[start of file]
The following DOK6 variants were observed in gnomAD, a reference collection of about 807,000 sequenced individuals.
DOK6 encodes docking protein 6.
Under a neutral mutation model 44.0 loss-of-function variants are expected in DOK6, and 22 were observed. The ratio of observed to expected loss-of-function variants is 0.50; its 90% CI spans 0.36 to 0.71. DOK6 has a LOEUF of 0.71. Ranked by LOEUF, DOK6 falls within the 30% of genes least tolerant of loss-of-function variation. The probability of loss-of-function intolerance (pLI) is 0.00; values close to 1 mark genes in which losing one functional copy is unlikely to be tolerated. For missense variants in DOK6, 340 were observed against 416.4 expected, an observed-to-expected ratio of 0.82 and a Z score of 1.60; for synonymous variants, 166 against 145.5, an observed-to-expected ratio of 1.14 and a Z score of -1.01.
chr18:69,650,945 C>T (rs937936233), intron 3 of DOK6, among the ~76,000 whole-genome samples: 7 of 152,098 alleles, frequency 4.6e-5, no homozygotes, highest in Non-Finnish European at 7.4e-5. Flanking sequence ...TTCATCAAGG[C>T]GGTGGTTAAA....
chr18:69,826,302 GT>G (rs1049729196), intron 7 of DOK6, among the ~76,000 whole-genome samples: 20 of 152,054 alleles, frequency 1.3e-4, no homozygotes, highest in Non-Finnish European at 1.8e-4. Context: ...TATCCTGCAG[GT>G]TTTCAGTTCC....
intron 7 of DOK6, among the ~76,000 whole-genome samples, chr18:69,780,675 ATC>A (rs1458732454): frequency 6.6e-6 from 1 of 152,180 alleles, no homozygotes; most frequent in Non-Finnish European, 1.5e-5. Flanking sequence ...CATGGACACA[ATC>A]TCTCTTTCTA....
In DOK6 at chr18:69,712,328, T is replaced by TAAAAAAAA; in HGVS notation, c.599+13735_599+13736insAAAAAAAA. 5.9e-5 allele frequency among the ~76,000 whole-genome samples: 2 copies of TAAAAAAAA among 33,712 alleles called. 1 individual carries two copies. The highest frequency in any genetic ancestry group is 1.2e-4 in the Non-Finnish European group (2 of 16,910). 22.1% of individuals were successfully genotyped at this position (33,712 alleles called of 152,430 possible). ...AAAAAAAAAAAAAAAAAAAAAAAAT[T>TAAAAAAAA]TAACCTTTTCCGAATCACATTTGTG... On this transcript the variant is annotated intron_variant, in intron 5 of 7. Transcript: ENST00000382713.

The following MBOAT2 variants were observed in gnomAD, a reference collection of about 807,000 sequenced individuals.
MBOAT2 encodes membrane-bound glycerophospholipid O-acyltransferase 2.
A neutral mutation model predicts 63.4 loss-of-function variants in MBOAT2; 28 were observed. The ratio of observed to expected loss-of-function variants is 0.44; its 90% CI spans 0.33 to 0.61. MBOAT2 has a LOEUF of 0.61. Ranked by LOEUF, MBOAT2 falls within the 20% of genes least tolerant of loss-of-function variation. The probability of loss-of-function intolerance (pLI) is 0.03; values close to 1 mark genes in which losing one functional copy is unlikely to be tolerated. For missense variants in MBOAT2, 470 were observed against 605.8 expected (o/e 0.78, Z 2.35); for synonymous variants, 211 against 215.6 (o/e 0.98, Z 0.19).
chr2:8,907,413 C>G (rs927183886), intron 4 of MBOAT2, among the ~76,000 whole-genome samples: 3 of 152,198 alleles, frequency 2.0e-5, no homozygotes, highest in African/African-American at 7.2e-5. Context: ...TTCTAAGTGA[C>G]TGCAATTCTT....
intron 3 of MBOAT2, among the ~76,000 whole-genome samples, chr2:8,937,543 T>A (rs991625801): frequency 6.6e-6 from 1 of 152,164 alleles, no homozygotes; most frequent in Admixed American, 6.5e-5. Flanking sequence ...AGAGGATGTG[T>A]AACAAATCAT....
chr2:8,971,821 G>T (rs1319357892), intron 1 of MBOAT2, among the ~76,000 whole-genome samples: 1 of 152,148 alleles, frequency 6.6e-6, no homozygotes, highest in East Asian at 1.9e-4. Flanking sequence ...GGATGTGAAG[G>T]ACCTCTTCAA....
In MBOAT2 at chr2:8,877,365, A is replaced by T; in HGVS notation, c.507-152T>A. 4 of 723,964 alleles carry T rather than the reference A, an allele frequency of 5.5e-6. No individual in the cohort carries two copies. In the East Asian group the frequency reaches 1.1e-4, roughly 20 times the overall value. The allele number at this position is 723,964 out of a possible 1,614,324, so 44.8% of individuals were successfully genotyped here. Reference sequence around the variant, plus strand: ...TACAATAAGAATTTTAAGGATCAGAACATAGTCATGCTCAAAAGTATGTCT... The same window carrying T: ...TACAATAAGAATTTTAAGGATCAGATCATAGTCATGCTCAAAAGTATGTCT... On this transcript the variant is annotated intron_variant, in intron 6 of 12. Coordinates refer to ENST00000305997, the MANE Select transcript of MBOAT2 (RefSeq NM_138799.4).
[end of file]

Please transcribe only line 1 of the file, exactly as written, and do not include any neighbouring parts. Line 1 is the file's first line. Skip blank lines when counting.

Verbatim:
The following DOK6 variants were observed in gnomAD, a reference collection of about 807,000 sequenced individuals.